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Tina Huynh
Tina Huynh

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Bootstrap vs Foundation

Bootstrap is free, and being a front-end framework it is used to facilitate and consolidate the designing aspect of a project by reducing the time and amount of coding required. Not using a framework requires very good knowledge and considerable experience with coding, which in turn means a longer designing time and a lot of effort.

Foundation, in general, makes for faster designing, but not necessarily easier. It leaves plenty of room to work and play around with for designing projects that are easy to create and very visitor-friendly, both visually and functionally. Foundation is made for customization-heavy projects.

While Foundation is focused on the visual and customization aspects of a project, Bootstrap is primarily focused on functionality and not so much in the way the final project will look. Bootstrap is less complex in both its customization availability and its code, which makes it easier to use overall.

If you want a hassle-free solution that has a lot of support, go for Bootstrap. To get more freedom on your components, try out Foundation. Foundation offers a slightly more complex, but a do it yourself style approach that will create something more unique and custom. Whereas Bootstrap allows for easy creation of simple yet elegant websites, with very little knowledge of CSS and JavaScript.

Foundation
Pros:

  • Design-it-yourself approach
  • Immense customization settings
  • Strong grid system
  • Provides rapid development of code
  • Easy to use templates available for download
  • Lightweight

Cons:

  • More complex when trying to customize
  • Not a great framework for beginners
  • Less popular than Bootstrap

Bootstrap
Pros:

  • Massive community support
  • Widest variety of themes
  • Best browser capability
  • Has both a fluid and fixed pattern grid system
  • More development tools available
  • Many popular websites are built on this framework

Cons:

  • Not as lightweight when compared to others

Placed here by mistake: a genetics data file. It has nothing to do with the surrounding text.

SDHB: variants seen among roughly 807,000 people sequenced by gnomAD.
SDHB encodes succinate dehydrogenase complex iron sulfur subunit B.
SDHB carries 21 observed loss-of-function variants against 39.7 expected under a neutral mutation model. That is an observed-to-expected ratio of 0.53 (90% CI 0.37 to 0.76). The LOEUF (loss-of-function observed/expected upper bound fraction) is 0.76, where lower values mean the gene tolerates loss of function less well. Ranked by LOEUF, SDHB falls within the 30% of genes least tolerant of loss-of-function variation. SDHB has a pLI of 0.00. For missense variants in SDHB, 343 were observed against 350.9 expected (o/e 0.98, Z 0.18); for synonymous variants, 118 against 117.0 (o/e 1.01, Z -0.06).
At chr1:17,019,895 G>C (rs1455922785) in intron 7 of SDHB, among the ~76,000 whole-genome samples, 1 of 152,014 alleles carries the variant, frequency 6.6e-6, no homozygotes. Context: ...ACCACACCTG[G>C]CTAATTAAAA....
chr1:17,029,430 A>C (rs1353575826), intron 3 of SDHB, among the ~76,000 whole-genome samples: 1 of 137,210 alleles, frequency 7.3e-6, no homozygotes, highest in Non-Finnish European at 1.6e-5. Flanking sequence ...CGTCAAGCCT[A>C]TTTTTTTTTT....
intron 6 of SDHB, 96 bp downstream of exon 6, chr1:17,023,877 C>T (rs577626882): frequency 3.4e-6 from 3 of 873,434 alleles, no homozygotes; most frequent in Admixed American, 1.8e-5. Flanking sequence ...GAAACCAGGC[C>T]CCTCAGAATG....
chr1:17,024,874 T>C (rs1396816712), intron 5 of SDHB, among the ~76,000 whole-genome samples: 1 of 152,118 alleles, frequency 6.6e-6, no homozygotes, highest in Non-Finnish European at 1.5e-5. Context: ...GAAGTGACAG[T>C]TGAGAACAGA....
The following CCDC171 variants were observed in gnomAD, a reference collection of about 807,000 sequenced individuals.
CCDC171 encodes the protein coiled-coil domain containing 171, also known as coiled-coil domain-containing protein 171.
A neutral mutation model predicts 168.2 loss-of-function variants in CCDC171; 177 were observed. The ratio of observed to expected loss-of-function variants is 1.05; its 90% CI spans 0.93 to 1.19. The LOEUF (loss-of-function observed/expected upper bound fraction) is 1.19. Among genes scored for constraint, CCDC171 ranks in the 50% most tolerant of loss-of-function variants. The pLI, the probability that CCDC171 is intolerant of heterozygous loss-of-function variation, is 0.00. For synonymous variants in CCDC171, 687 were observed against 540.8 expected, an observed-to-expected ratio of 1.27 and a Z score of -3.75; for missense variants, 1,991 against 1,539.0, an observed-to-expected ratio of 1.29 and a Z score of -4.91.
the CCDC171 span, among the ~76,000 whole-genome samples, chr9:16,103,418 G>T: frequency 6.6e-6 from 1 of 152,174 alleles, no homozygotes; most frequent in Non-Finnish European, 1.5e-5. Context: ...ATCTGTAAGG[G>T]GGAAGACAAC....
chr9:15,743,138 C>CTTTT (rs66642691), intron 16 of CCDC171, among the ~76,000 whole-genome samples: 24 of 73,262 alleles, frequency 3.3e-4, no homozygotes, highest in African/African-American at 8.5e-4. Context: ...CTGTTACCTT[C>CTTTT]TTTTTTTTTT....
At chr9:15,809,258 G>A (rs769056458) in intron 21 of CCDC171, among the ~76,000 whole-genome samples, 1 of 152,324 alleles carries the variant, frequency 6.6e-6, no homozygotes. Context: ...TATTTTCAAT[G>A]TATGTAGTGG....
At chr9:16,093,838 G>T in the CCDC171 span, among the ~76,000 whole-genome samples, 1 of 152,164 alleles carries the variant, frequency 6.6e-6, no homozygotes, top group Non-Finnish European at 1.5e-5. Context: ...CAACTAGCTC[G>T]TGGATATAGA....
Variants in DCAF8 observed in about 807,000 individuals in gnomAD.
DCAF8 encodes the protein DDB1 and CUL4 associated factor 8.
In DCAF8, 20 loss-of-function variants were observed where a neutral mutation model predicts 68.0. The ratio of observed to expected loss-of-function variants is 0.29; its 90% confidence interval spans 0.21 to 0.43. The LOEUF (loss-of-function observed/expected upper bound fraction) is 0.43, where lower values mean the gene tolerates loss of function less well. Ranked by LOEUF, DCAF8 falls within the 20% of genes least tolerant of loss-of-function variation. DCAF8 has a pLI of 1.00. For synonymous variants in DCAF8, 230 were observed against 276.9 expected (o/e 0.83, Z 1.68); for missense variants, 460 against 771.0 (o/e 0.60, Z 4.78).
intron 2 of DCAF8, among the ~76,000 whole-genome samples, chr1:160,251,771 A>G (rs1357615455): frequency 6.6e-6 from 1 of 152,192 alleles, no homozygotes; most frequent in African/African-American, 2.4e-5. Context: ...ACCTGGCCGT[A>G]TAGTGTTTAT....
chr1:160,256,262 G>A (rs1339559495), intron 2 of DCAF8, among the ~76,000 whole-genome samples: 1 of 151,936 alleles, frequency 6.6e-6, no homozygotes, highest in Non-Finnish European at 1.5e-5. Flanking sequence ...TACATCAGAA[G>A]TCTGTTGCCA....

• Difficult to use jQuery plugins
  • Websites are easily recognizable

In order to make a conclusion which framework is better, you have to decide which one suits your requirements. In order to decide you must go through the features that each has to offer.

Happy coding!

Top comments (6)

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codingchili profile image
Robin Duda (they/them)

The bar for avoiding frameworks have been drastically lowered with the custom elements spec etc. Why would it still require considerable experience to avoid frameworks? Nothing these frameworks are doing is complex or time consuming, the added flexibility will make your components future proof as well. I'd rather see reuse on a component level than framework level.

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louislow profile image
Louis Low

How about trying the new Artis.js virtual CSS library, it just 1.4 kilobytes? No extra CSS payload added into your project. No CSS at all. Try out the Artis.js with Playground, the online live editor.

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codingchili profile image
Robin Duda (they/them)

Why not just write vanilla CSS? Artis introduces yet another custom flavor and new aliases and abbreviations. I guess with Artis there wouldn't be any IDE autocompletion/hints either.

"No extra CSS payload added" - but there is an added lib + artis css-like payload?

"No CSS at all" - we send artis-css to the client just to generate css-css, ending up with duplicated styling information in the DOM.

<div class="
      p:40
      m:20
      fontFamily:sans,serif
      textSize:50
      textColor:white
      bgColor:rgba(423,145,103,1)
      curveStyle:inset
      curveWidth:10
      curveRadius:20
      cursor:pointer
    " style="padding: 40px; margin: 20px; font-family: sans, serif; font-size: 50px; color: white; background-color: rgb(255, 145, 103); border-style: inset; border-width: 10px; border-radius: 20px; cursor: pointer;">
        Hello World!
      </div>
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What's the selling point of artis? I still don't understand why it's syntax is better than css. I can reuse styles with CSS-in-JS as well.

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louislow profile image
Louis Low • Edited on

I never seriously thought of the selling point yet, I created it to have existed. And practising my coding skills. It is just another tool that you probably dislike. if you don't like it, try out my another frontend tool, it's called WEAVV CSS. And also check out my other newly created tool, Knott. Thanks for the comment. Much appreciated.

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codingchili profile image
Robin Duda (they/them)

Ah, it doesn't need to have a selling point - your previous comment seemed like an advertisement that's why I asked. Simply building things is purpose enough, your projects seem interesting and I really like the effort you put into documenting them as well, solid work. I also like that you're doing plain web components stuff and working with the platform, after reading about Knott I think you might find some inspiration in the lit-html project. Weavv seems to me to be an interesting implementation of atomic css in practice. Keep building and having fun :)

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igmuska profile image
igmuska

I was making Sublime Text snippets for each of Foundation's different webpages, and also using the custom snippets available there.

Take a look at this:

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Go to your customization settings to nudge your home feed to show content more relevant to your developer experience level. 🛠